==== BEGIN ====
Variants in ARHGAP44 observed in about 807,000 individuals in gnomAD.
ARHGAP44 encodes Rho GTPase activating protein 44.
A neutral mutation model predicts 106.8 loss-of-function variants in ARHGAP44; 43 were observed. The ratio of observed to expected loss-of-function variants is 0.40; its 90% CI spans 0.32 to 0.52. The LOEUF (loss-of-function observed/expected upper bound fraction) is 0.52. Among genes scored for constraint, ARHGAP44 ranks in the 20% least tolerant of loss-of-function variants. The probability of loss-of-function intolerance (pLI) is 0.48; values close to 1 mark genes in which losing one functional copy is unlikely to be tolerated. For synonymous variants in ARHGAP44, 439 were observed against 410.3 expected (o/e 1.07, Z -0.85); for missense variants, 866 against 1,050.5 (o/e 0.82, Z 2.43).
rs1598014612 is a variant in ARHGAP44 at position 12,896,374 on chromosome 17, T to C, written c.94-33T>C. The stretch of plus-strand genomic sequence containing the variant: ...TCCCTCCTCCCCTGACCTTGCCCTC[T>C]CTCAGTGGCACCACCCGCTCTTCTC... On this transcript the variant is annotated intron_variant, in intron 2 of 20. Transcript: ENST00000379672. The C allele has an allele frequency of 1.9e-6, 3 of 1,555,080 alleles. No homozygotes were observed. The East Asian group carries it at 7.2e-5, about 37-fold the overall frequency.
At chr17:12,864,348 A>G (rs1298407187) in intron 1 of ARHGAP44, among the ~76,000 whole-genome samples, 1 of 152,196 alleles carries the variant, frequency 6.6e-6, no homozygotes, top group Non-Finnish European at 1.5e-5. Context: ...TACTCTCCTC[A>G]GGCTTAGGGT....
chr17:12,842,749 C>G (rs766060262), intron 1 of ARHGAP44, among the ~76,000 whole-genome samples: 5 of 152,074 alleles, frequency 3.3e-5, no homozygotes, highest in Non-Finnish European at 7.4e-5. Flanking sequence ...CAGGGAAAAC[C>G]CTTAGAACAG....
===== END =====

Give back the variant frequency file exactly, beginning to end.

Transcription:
Variants in ARHGAP44 observed in about 807,000 individuals in gnomAD.
ARHGAP44 encodes Rho GTPase activating protein 44.
A neutral mutation model predicts 106.8 loss-of-function variants in ARHGAP44; 43 were observed. The ratio of observed to expected loss-of-function variants is 0.40; its 90% CI spans 0.32 to 0.52. The LOEUF (loss-of-function observed/expected upper bound fraction) is 0.52. Among genes scored for constraint, ARHGAP44 ranks in the 20% least tolerant of loss-of-function variants. The probability of loss-of-function intolerance (pLI) is 0.48; values close to 1 mark genes in which losing one functional copy is unlikely to be tolerated. For synonymous variants in ARHGAP44, 439 were observed against 410.3 expected (o/e 1.07, Z -0.85); for missense variants, 866 against 1,050.5 (o/e 0.82, Z 2.43).
rs1598014612 is a variant in ARHGAP44 at position 12,896,374 on chromosome 17, T to C, written c.94-33T>C. The stretch of plus-strand genomic sequence containing the variant: ...TCCCTCCTCCCCTGACCTTGCCCTC[T>C]CTCAGTGGCACCACCCGCTCTTCTC... On this transcript the variant is annotated intron_variant, in intron 2 of 20. Transcript: ENST00000379672. The C allele has an allele frequency of 1.9e-6, 3 of 1,555,080 alleles. No homozygotes were observed. The East Asian group carries it at 7.2e-5, about 37-fold the overall frequency.
At chr17:12,864,348 A>G (rs1298407187) in intron 1 of ARHGAP44, among the ~76,000 whole-genome samples, 1 of 152,196 alleles carries the variant, frequency 6.6e-6, no homozygotes, top group Non-Finnish European at 1.5e-5. Context: ...TACTCTCCTC[A>G]GGCTTAGGGT....
chr17:12,842,749 C>G (rs766060262), intron 1 of ARHGAP44, among the ~76,000 whole-genome samples: 5 of 152,074 alleles, frequency 3.3e-5, no homozygotes, highest in Non-Finnish European at 7.4e-5. Flanking sequence ...CAGGGAAAAC[C>G]CTTAGAACAG....